I will not defend Gregg Popovich. He'd hate that, even though we've known each other for years.
I just want to set the record straight.
The San Antonio Spurs' iconic coach, a 1966 Merrillville grad and former star at the Air Force Academy, is a complex puzzle whose pieces don't fit snugly. Get used to it.
Pop is easy to dislike if you're not close to the game and prefer an always-bubbly public relations puppet who acts more like a used car salesman.
Yes, he comes across as rude and sarcastic at times.
Yes, he rarely smiles in games, win or lose.
Yes, he's the constant foil of media everywhere.
That's Gregg Popovich, the coach.
With five NBA titles, 21 straight winning seasons, 21 consecutive postseason appearances and a long-lasting culture of excellence, Pop is a can't-miss Hall of Famer — but a different animal off the court.
He's been married to the same woman for 36 years, has loving children and is a true humanitarian with his commitment to charities and community programs throughout San Antonio.
Coaches respect him. Players love him. Most fans enjoy him. The general media, not so much.
Pop's well-documented shortness with the media once again has them bashing him coast to coast.
Bob Knight was far more arrogant and far less tolerant, often walking out or blowing off postgame press conferences for no reason.
Popovich actually has a sense of humor, but makes no time for silly, asinine questions because he takes the game that seriously.
He'll give his usual four-word answers to poor sideline reporters asking a less-than-enlightening question, then rush back to the huddle.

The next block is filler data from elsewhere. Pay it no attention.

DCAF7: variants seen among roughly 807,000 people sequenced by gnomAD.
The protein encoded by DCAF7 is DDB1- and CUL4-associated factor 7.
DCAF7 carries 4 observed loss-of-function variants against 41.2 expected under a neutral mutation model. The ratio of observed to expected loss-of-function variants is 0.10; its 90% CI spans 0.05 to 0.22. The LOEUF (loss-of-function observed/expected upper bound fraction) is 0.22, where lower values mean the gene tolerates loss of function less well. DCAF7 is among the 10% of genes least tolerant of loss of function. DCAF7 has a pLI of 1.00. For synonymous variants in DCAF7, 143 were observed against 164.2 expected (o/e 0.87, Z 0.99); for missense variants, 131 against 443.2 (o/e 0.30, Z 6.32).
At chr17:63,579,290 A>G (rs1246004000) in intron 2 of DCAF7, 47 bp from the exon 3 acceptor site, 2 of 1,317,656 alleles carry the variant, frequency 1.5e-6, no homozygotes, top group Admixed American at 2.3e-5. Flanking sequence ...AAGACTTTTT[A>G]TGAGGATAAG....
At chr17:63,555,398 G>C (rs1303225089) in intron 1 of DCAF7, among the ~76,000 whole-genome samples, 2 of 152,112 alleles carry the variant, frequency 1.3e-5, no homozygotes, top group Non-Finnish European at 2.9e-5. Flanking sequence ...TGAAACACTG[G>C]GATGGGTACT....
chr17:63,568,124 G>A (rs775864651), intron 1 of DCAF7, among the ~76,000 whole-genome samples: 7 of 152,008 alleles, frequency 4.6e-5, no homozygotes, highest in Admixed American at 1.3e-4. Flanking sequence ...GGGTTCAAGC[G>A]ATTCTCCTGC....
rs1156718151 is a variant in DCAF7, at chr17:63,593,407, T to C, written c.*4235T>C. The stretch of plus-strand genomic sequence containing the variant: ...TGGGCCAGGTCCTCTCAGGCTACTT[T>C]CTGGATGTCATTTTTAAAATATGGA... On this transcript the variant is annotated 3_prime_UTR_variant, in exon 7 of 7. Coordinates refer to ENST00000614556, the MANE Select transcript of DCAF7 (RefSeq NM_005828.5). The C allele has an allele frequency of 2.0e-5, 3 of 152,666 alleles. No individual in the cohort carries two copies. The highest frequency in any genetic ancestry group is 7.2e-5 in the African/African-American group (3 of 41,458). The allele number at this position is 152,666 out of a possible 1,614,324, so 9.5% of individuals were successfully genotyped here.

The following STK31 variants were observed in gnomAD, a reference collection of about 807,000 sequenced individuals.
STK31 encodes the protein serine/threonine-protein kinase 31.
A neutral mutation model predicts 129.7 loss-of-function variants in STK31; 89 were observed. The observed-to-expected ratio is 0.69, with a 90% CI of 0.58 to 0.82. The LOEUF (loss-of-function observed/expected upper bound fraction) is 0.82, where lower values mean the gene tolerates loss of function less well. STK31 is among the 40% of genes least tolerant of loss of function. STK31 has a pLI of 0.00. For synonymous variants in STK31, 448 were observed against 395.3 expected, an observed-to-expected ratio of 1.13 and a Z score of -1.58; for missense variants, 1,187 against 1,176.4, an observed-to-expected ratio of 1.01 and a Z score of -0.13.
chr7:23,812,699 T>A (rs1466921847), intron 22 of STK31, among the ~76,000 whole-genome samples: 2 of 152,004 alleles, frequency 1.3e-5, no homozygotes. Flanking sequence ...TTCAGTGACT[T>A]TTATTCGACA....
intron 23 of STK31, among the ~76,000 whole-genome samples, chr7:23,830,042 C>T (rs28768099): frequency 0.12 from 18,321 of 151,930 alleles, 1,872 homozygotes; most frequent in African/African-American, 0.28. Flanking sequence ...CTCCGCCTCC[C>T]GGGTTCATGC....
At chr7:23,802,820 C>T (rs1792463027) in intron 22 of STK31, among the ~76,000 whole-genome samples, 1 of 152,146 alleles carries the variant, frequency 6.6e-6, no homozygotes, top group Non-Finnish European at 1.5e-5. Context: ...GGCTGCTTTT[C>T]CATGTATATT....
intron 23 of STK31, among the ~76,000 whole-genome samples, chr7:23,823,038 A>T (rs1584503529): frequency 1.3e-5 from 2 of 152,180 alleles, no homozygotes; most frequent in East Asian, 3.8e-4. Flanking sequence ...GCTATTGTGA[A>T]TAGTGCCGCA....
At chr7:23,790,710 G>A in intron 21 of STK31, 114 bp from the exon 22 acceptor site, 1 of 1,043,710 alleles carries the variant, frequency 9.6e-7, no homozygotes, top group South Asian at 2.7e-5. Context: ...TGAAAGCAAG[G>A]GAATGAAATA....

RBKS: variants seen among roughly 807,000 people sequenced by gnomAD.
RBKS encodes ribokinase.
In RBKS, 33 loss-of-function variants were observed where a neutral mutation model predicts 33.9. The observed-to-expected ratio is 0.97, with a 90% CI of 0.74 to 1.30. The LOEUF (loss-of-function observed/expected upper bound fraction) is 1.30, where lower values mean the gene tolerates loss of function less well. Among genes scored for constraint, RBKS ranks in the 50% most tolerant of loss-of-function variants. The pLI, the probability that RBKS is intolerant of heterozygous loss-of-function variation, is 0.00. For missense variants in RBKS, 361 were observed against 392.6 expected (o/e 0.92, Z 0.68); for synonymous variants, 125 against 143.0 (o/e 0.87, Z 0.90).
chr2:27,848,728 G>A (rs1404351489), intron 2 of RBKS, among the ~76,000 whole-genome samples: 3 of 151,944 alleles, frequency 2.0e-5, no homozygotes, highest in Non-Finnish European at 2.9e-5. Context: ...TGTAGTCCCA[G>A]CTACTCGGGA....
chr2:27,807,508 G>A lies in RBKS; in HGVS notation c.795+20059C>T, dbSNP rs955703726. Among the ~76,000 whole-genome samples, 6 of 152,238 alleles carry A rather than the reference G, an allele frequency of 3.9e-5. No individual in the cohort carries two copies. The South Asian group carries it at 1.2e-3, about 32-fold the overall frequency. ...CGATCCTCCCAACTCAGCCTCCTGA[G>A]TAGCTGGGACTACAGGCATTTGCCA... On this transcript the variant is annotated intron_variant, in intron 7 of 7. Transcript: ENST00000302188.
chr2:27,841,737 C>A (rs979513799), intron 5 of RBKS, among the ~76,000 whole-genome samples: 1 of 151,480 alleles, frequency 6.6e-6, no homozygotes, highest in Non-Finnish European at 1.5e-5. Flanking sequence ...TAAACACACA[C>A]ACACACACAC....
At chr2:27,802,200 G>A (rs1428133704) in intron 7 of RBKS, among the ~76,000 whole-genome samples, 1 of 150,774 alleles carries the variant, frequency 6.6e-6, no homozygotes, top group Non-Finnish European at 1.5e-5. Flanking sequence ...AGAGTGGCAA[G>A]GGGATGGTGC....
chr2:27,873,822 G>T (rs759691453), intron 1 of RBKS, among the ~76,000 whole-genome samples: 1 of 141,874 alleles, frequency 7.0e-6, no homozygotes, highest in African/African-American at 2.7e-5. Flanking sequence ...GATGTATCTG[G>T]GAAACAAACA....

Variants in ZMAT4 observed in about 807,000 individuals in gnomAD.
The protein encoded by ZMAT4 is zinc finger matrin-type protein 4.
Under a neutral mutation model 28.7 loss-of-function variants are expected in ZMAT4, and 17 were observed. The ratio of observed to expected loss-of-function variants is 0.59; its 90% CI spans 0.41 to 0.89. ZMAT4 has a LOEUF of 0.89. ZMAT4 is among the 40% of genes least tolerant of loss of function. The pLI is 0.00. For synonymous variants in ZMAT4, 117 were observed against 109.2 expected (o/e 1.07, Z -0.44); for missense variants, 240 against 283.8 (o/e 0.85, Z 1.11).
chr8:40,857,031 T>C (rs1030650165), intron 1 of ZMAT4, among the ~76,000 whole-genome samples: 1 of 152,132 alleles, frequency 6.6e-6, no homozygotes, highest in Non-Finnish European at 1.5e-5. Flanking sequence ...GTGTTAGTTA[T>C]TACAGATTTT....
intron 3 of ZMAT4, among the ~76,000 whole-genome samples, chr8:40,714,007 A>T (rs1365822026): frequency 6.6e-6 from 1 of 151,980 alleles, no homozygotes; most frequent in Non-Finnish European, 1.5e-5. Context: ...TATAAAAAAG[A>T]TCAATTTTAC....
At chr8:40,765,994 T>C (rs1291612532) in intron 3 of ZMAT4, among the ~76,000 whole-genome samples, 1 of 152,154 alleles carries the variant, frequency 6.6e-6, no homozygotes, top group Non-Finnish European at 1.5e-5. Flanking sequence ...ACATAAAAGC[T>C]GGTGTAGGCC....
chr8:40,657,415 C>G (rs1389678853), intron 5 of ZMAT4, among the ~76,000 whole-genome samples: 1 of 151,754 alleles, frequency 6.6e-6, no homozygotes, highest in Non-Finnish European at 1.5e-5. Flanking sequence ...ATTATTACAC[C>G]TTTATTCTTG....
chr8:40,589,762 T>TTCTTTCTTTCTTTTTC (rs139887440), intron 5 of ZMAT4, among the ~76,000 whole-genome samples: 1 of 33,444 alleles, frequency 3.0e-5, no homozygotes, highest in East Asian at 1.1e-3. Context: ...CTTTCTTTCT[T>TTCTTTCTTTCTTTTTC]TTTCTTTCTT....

Media claims he's being "a jerk," disrespectful and should grow up for a 69-year-old man making a reported $11 million per season.
He couldn't care less what they think.
"The quarter ends, you just got outscored by 12 points, they had eight offensive rebounds, so the question will be: 'You just got outrebounded by X amount so what are you going to do about it?' I don't know. Am I going to make a trade during the timeout? I don't know," Pop told me once.
"I'm just going to go back to the bench and hope we play better. I don't know how to answer, so sue me for being stupid and not having the answers to the questions."
Fans find that entertaining, but not wife Erin.
"I get home and she says, 'Geez, why are you so mean? You're a jerk, people hate you.' I go, 'I'm sorry honey, I have to do better next time,'" said Pop, smiling.
Several sports outlets slammed the East Chicago native after Saturday's 113-92 opening-round loss to Golden State and his testy behavior in the postgame session.
Reporter 1: What went wrong for you guys tonight?
Popovich: They played better than we did.
Reporter 2: You started Danny Green on Kevin Durant. Did that work very well?
Popovich: Did you watch the game? What do you think?
Reporter 2: It didn’t.
Popovich: It didn’t work very well. So we’ll have Danny grow four of five inches by Monday night, tell him to jump higher and move quicker. And we’ll tell Kevin ‘Don’t be so good.’
Within a few minutes, the questions ended and Pop was out the door.
His Spurs were beaten again on Monday, 116-101, by the deeper, more talented Warriors.
Popovich was more civil because the questions were intelligent. He praised the effort of his outmanned team and bemoaned its 4-of-28 shooting from beyond the arc as a big reason for the loss.
He avoided any reference to the mysterious absence of superstar free agent Kawhi Leonard, who has played in only nine games and has remained in New York getting therapy for quadriceps tendinopathy despite team officials having cleared him.
Leonard chose not to be with the Spurs when the series opened in Oakland and has been criticized by some NBA analysts for not caring, while Golden State star Steph Curry (knee) leads cheers from his bench while still three weeks away from returning.
The Spurs have far less depth and no secondary scorer behind LaMarcus Aldridge. They're doomed.
Gregg Popovich knows it, but continues coaching as if they're a No. 1 seed. Questions, anyone?